In the Gaza Strip, growing up on land owned by his family for centuries, fourteen-year-old Yousef Bashir was preoccupied with soccer, school pranks, and meeting his father's impossibly high standards. Dignified and empathetic, kind yet strict, Yousef's father was a pillar of strength for his family and community. Though he and Yousef butted heads fiercely, they loved each other unconditionally. Despite an Israeli settlement hovering on its periphery, the Gaza of Yousef's childhood could only be described as a paradise. 
That all changed when the Second Intifada exploded, and Israeli soldiers occupied the Bashir's family home. Yousef was forced to learn the rules of a new life in captivity and to watch his father treat the occupiers as honored guests -- a testament not only to his father's desire for peace between Palestine and Israel but also to his unshakable belief that it was truly within reach. Yet nothing could prepare Yousef and his father for the Israeli bullet that was about to transform both of their lives in an instant. A tale of father and son, of reckoning and redemption, Yousef's story is a sincere reminder in these troubled times that forgiveness is a gift -- and a choice.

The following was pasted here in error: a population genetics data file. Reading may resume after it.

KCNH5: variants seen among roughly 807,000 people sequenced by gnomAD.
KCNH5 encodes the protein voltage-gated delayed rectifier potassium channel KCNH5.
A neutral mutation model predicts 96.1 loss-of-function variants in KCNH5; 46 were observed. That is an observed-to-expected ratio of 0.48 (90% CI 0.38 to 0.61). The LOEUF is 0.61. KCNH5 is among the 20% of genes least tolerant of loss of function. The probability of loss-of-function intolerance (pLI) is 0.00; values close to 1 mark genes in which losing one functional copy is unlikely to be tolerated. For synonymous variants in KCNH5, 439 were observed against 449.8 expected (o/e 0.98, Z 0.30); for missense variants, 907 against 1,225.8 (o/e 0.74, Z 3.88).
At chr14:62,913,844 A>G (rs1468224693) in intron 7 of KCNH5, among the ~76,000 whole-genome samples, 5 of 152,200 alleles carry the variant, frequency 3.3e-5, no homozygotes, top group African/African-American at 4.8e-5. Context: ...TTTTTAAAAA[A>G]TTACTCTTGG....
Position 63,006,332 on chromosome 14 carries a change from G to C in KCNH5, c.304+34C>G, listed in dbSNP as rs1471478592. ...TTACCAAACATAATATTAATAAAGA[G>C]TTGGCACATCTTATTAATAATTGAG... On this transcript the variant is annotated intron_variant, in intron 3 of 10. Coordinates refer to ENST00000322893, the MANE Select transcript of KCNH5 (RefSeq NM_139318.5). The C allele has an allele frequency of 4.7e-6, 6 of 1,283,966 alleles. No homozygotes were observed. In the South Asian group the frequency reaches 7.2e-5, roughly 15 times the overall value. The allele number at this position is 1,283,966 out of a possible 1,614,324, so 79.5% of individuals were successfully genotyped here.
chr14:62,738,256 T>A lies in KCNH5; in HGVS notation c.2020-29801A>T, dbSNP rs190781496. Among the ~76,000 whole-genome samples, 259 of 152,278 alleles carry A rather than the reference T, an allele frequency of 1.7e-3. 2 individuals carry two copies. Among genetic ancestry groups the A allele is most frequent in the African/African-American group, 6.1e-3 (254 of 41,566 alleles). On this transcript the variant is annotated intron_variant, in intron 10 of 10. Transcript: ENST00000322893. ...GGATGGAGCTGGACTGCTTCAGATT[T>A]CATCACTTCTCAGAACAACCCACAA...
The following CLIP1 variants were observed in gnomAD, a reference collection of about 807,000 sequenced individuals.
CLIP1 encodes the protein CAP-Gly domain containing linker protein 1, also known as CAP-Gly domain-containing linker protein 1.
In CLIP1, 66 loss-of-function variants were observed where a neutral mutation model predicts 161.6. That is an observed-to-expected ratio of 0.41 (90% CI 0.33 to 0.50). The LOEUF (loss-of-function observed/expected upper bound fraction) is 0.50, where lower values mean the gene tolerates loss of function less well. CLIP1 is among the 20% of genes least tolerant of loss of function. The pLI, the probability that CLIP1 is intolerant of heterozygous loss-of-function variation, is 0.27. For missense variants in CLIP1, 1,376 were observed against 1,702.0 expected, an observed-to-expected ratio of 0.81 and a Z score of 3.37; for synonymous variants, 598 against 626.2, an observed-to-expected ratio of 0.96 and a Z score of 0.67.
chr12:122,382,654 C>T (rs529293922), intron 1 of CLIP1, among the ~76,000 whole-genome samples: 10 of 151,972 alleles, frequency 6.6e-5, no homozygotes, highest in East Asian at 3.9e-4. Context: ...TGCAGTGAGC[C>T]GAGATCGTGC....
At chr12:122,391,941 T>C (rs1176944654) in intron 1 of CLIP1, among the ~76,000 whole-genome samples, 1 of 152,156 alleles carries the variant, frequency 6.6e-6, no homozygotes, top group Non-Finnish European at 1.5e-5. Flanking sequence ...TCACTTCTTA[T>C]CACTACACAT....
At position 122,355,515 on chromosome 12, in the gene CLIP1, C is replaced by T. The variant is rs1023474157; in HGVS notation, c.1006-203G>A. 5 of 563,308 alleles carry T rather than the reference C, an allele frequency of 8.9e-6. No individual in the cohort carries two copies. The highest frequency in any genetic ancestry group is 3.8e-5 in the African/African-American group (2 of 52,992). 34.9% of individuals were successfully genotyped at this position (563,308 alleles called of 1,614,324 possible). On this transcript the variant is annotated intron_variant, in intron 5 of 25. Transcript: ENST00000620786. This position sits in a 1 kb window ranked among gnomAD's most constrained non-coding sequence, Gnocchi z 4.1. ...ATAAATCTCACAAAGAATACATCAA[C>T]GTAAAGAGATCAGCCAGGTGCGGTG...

When he was 16, Yousef made his way to the United States to attend high school in Utah, some studies in Kentucky, and finally made it to his dream city of Boston to earn his B.A. in International Affairs from Northeastern University and an M.A. in Co-existence and Conflict from Brandeis University. After moving to Washington, DC, Yousef was selected for the Herbert Scoville Jr. Peace Fellowship and worked for the Partnership for a Secure America, a think tank that promotes bipartisanship among Congressional staffers. Yousef also worked in the House of Representatives and the United States Senate before he joined the General Delegation of the PLO to the US as the Congressional Affairs Advisor. Currently, Yousef is a Seeds of Peace GATHER fellow. 

Yousef wrote The Words of My Father: Love and Pain in Palestine while attending college!